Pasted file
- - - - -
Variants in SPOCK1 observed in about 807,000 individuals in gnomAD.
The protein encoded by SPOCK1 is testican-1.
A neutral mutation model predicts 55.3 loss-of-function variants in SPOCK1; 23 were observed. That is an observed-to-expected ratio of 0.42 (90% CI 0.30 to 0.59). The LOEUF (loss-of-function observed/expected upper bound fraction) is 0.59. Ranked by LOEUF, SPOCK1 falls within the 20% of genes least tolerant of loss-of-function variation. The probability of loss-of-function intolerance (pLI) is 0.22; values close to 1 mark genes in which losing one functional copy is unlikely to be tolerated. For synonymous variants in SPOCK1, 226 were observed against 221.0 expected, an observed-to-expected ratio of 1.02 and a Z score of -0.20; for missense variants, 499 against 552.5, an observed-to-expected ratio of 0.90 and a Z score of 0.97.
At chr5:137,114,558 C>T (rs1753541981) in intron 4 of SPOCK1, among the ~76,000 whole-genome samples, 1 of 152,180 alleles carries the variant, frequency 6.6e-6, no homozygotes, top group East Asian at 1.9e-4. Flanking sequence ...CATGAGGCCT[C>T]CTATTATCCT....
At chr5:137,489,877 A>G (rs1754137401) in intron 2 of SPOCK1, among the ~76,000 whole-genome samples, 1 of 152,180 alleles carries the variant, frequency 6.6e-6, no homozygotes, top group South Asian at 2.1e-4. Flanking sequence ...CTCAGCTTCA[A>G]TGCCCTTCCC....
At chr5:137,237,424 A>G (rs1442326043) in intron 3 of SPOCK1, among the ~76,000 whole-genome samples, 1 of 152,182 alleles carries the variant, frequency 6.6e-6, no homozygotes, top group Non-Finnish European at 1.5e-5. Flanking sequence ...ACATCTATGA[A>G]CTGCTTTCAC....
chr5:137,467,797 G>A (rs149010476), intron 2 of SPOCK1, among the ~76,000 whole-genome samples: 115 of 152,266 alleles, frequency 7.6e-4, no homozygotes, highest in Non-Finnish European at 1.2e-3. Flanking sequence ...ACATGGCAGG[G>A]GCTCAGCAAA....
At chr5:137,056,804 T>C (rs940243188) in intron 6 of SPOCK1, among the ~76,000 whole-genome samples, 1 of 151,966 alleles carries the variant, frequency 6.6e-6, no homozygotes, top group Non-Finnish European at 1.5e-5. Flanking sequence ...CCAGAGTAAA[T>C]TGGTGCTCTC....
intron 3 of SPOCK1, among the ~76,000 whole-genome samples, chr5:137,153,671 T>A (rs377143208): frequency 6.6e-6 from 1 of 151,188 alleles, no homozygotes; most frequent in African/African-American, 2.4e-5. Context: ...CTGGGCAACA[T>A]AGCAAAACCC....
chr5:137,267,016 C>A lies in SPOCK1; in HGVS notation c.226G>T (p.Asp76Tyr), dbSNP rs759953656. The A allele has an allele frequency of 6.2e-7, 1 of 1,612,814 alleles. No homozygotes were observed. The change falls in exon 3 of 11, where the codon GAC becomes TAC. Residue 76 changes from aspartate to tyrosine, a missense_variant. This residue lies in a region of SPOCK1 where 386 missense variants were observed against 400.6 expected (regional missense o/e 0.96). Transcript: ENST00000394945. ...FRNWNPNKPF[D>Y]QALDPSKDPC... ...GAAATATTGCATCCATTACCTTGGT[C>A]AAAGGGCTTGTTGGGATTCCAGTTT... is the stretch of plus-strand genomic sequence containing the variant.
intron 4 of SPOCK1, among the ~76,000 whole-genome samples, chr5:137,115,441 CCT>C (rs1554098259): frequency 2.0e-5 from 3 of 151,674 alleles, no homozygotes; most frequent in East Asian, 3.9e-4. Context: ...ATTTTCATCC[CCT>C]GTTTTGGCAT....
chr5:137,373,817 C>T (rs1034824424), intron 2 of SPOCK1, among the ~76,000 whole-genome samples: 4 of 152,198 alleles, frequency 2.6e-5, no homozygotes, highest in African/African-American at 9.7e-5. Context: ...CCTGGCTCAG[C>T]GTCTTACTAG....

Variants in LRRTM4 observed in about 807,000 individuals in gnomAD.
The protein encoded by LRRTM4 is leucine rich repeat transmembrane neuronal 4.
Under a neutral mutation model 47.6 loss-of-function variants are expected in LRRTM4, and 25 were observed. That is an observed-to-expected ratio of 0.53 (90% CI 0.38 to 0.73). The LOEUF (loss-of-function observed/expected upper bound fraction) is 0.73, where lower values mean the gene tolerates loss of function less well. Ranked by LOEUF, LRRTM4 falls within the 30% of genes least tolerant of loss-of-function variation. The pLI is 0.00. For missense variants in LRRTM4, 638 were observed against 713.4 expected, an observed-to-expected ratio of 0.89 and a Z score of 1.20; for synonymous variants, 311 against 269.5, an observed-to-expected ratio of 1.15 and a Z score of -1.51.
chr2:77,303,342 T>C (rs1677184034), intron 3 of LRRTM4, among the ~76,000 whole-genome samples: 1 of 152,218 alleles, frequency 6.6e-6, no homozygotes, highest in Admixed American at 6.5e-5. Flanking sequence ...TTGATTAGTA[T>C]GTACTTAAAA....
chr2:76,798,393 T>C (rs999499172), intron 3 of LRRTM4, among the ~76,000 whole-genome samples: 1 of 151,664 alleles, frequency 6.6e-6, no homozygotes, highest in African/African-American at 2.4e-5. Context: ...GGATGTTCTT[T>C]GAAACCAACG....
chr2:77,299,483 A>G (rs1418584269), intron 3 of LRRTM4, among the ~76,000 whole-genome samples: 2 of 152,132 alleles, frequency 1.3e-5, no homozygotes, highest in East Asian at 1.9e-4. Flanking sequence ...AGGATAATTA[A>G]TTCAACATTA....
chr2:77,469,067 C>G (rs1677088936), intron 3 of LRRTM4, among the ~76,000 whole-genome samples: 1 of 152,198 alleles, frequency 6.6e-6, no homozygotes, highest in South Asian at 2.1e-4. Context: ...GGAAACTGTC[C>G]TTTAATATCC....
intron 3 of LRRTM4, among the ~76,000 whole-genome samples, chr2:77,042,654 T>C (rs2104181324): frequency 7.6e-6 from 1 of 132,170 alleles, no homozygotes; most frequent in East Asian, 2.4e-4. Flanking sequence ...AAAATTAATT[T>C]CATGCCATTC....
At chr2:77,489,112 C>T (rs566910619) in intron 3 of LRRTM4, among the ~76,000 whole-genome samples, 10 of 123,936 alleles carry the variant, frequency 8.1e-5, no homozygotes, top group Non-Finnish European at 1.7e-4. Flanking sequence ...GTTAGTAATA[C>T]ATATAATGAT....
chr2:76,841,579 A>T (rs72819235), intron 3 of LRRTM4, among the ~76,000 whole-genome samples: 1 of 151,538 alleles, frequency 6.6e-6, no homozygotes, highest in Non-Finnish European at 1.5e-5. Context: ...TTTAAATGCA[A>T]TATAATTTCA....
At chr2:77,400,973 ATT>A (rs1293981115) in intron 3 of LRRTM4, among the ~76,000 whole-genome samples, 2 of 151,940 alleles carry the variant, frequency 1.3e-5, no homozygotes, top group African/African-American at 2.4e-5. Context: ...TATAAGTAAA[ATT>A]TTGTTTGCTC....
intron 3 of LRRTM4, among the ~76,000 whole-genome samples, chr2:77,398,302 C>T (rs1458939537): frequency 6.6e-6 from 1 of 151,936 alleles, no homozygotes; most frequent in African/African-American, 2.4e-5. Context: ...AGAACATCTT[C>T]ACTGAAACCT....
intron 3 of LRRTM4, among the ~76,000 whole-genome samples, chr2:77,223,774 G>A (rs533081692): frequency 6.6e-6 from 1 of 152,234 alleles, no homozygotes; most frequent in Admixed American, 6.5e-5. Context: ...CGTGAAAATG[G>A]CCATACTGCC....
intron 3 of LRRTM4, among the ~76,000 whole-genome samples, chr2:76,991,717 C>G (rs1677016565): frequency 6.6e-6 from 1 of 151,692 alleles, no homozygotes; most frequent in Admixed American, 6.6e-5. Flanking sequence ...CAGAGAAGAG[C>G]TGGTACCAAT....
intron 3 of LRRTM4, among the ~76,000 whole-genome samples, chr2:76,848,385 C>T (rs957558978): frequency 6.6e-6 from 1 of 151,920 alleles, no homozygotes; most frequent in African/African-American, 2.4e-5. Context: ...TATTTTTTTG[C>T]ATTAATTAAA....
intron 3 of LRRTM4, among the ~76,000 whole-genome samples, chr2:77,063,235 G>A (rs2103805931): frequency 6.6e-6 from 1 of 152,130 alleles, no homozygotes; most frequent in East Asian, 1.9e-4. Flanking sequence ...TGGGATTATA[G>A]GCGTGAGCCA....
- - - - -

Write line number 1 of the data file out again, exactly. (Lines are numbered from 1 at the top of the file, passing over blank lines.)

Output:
Variants in SPOCK1 observed in about 807,000 individuals in gnomAD.